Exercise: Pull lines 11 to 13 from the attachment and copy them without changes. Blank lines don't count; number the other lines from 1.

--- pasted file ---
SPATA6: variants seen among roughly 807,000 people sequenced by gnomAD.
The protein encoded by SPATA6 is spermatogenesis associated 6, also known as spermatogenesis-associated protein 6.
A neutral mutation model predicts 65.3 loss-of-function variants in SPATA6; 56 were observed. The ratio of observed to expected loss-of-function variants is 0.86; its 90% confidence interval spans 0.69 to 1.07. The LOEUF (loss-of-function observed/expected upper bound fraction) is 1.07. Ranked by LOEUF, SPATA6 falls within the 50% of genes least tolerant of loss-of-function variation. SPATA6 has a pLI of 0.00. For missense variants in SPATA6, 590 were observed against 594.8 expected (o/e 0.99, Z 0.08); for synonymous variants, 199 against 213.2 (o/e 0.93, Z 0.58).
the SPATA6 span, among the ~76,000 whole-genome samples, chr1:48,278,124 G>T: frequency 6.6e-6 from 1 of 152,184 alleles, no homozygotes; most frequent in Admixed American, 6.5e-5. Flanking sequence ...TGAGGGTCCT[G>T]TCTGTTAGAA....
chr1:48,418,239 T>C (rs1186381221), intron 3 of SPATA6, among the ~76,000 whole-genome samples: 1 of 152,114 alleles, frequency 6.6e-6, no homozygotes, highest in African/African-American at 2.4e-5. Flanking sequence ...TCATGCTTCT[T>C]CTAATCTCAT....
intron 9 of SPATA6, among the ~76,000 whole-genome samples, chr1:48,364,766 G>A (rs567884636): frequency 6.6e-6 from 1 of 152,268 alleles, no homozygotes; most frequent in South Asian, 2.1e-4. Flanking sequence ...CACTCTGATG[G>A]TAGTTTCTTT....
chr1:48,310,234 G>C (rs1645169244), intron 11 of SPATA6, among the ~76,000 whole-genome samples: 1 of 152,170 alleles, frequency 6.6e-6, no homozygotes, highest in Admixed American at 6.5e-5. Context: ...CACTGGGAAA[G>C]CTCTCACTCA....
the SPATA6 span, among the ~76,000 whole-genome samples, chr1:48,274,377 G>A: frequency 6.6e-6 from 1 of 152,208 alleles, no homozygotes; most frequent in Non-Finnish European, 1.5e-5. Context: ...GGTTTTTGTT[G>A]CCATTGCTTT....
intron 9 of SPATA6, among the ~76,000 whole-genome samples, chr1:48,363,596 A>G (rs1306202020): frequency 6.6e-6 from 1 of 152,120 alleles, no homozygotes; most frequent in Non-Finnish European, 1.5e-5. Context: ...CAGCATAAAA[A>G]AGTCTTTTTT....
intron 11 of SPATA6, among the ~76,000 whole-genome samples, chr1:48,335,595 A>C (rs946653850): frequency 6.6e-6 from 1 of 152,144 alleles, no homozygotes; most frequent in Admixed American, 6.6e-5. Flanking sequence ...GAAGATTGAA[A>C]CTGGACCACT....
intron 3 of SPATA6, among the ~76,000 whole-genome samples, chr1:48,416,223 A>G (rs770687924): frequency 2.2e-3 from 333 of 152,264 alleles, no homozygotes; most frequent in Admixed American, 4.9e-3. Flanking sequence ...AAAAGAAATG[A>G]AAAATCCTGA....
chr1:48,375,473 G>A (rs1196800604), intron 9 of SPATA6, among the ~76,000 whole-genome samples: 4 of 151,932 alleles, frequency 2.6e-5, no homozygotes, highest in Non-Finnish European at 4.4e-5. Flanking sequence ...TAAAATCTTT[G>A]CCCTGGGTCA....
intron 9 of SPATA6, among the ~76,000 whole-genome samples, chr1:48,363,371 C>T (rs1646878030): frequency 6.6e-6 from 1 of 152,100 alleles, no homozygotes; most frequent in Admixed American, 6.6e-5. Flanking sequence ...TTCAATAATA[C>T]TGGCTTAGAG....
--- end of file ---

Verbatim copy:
intron 3 of SPATA6, among the ~76,000 whole-genome samples, chr1:48,416,223 A>G (rs770687924): frequency 2.2e-3 from 333 of 152,264 alleles, no homozygotes; most frequent in Admixed American, 4.9e-3. Flanking sequence ...AAAAGAAATG[A>G]AAAATCCTGA....
chr1:48,375,473 G>A (rs1196800604), intron 9 of SPATA6, among the ~76,000 whole-genome samples: 4 of 151,932 alleles, frequency 2.6e-5, no homozygotes, highest in Non-Finnish European at 4.4e-5. Flanking sequence ...TAAAATCTTT[G>A]CCCTGGGTCA....
intron 9 of SPATA6, among the ~76,000 whole-genome samples, chr1:48,363,371 C>T (rs1646878030): frequency 6.6e-6 from 1 of 152,100 alleles, no homozygotes; most frequent in Admixed American, 6.6e-5. Flanking sequence ...TTCAATAATA[C>T]TGGCTTAGAG....